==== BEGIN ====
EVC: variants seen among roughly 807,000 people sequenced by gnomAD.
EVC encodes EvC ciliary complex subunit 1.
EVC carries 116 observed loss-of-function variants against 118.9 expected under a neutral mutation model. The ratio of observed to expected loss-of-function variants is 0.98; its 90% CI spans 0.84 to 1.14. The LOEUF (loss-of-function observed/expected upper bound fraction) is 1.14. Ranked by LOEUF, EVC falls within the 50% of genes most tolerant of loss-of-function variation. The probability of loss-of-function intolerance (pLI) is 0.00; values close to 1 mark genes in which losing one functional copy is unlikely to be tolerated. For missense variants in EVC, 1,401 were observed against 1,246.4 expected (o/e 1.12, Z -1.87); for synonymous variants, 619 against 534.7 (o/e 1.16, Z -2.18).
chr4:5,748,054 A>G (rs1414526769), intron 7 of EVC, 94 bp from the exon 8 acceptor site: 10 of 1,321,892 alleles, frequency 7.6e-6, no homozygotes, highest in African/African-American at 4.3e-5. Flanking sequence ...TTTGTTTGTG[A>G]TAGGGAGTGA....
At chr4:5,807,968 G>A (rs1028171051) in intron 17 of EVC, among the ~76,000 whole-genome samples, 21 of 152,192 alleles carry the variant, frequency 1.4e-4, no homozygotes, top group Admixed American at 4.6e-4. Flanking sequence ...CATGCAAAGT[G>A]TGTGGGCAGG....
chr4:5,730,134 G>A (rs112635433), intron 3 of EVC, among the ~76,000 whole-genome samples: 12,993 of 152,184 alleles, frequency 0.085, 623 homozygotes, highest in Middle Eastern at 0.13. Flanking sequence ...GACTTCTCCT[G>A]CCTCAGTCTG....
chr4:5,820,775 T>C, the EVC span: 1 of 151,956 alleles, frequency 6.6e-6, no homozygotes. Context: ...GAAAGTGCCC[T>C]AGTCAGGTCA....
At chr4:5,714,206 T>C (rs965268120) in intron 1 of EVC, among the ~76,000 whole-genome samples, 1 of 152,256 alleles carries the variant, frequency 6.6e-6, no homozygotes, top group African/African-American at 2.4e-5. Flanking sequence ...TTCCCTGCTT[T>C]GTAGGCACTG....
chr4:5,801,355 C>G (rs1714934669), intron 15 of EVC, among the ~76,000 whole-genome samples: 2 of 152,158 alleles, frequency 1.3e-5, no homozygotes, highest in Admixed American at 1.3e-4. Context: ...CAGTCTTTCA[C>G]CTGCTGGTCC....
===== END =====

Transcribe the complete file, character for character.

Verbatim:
EVC: variants seen among roughly 807,000 people sequenced by gnomAD.
EVC encodes EvC ciliary complex subunit 1.
EVC carries 116 observed loss-of-function variants against 118.9 expected under a neutral mutation model. The ratio of observed to expected loss-of-function variants is 0.98; its 90% CI spans 0.84 to 1.14. The LOEUF (loss-of-function observed/expected upper bound fraction) is 1.14. Ranked by LOEUF, EVC falls within the 50% of genes most tolerant of loss-of-function variation. The probability of loss-of-function intolerance (pLI) is 0.00; values close to 1 mark genes in which losing one functional copy is unlikely to be tolerated. For missense variants in EVC, 1,401 were observed against 1,246.4 expected (o/e 1.12, Z -1.87); for synonymous variants, 619 against 534.7 (o/e 1.16, Z -2.18).
chr4:5,748,054 A>G (rs1414526769), intron 7 of EVC, 94 bp from the exon 8 acceptor site: 10 of 1,321,892 alleles, frequency 7.6e-6, no homozygotes, highest in African/African-American at 4.3e-5. Flanking sequence ...TTTGTTTGTG[A>G]TAGGGAGTGA....
At chr4:5,807,968 G>A (rs1028171051) in intron 17 of EVC, among the ~76,000 whole-genome samples, 21 of 152,192 alleles carry the variant, frequency 1.4e-4, no homozygotes, top group Admixed American at 4.6e-4. Flanking sequence ...CATGCAAAGT[G>A]TGTGGGCAGG....
chr4:5,730,134 G>A (rs112635433), intron 3 of EVC, among the ~76,000 whole-genome samples: 12,993 of 152,184 alleles, frequency 0.085, 623 homozygotes, highest in Middle Eastern at 0.13. Flanking sequence ...GACTTCTCCT[G>A]CCTCAGTCTG....
chr4:5,820,775 T>C, the EVC span: 1 of 151,956 alleles, frequency 6.6e-6, no homozygotes. Context: ...GAAAGTGCCC[T>C]AGTCAGGTCA....
At chr4:5,714,206 T>C (rs965268120) in intron 1 of EVC, among the ~76,000 whole-genome samples, 1 of 152,256 alleles carries the variant, frequency 6.6e-6, no homozygotes, top group African/African-American at 2.4e-5. Flanking sequence ...TTCCCTGCTT[T>C]GTAGGCACTG....
chr4:5,801,355 C>G (rs1714934669), intron 15 of EVC, among the ~76,000 whole-genome samples: 2 of 152,158 alleles, frequency 1.3e-5, no homozygotes, highest in Admixed American at 1.3e-4. Context: ...CAGTCTTTCA[C>G]CTGCTGGTCC....